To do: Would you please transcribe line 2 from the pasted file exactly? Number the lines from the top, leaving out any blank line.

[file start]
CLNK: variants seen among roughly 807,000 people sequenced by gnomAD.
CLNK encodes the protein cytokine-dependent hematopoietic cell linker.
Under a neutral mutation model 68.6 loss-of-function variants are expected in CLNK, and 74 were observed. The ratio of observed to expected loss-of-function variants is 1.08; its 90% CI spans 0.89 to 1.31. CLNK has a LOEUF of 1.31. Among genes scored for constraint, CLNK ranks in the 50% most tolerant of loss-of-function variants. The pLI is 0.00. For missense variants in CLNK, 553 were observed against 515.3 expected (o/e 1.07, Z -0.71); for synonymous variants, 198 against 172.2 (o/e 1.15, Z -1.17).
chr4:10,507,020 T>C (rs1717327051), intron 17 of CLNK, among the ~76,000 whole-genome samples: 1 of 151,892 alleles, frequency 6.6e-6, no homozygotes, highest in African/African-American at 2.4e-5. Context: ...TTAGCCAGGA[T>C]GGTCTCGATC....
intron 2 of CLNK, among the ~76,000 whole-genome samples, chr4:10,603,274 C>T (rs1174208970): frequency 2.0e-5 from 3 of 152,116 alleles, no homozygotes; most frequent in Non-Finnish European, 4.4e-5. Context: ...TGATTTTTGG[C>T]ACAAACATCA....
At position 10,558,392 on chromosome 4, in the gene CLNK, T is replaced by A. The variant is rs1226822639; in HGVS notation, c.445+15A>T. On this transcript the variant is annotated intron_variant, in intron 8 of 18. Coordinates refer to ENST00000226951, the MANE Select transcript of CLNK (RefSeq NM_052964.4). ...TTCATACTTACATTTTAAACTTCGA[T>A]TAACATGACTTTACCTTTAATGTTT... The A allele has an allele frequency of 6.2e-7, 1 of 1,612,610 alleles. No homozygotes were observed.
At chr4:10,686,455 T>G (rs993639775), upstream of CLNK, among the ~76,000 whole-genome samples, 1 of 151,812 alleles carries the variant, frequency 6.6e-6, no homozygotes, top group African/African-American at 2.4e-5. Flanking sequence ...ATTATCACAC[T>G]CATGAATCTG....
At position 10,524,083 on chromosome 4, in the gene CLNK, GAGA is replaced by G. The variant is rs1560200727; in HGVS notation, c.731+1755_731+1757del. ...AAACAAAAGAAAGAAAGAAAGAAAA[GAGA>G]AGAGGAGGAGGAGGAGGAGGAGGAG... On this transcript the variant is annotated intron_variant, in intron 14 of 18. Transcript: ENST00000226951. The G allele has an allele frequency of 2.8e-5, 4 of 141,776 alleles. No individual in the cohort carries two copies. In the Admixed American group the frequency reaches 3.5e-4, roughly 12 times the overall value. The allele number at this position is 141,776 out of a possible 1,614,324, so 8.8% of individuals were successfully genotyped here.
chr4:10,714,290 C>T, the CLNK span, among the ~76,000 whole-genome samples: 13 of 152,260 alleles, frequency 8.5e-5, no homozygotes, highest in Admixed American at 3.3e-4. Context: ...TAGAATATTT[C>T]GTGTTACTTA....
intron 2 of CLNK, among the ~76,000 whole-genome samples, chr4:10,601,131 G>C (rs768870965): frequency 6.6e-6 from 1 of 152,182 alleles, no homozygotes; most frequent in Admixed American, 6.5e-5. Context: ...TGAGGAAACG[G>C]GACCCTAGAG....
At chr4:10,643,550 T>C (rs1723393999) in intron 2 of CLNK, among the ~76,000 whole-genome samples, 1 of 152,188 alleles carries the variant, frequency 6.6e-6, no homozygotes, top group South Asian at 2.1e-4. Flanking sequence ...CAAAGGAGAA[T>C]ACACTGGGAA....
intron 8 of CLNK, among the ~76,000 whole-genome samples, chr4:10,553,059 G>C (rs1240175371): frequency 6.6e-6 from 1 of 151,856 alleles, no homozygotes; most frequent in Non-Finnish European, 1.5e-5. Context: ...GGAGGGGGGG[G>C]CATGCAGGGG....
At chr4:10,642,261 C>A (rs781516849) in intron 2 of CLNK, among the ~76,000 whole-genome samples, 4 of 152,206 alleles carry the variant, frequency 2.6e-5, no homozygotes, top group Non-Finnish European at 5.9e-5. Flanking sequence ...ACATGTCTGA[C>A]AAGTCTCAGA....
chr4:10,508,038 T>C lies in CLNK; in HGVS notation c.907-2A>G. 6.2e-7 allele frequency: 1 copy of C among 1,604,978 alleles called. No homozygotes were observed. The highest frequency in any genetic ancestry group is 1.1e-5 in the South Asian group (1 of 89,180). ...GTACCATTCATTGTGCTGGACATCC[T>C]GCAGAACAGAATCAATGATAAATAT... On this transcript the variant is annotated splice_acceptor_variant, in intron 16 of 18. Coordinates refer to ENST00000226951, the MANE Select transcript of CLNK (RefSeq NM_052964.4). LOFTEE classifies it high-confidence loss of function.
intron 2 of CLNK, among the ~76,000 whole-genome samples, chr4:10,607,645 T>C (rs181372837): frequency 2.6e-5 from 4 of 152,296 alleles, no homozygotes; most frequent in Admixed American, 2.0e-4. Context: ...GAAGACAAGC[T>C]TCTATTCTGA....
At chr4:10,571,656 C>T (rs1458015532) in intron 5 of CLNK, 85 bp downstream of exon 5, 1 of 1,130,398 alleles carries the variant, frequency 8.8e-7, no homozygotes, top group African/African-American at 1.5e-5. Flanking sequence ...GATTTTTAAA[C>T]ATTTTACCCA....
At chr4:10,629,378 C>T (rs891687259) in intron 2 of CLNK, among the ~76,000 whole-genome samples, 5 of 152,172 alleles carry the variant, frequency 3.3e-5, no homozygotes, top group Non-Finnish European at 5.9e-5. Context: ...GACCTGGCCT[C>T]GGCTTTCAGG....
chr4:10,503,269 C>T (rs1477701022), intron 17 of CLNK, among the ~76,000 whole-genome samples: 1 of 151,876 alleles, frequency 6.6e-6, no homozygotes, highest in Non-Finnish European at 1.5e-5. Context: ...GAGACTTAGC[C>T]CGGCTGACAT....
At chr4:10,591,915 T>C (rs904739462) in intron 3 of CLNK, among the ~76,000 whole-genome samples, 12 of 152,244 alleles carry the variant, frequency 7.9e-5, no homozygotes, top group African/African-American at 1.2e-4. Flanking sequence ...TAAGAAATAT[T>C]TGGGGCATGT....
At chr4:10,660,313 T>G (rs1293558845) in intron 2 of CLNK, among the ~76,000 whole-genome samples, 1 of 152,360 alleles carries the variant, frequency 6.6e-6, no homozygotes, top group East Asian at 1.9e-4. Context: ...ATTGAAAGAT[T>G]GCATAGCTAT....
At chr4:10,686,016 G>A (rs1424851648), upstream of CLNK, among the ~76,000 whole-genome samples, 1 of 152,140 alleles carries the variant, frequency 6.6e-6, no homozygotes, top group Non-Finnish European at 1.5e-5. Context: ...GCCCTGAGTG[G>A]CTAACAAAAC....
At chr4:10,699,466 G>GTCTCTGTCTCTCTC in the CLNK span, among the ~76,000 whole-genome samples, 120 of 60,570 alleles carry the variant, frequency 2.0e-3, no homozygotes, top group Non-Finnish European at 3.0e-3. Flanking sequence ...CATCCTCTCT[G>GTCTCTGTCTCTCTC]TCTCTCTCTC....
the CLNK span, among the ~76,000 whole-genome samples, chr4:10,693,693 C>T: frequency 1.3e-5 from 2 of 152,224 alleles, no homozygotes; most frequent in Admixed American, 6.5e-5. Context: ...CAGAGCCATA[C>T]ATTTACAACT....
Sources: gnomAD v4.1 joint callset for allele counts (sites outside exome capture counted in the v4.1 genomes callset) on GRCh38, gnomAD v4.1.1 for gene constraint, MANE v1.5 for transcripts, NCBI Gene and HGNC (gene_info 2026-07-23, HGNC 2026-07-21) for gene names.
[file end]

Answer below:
CLNK encodes the protein cytokine-dependent hematopoietic cell linker.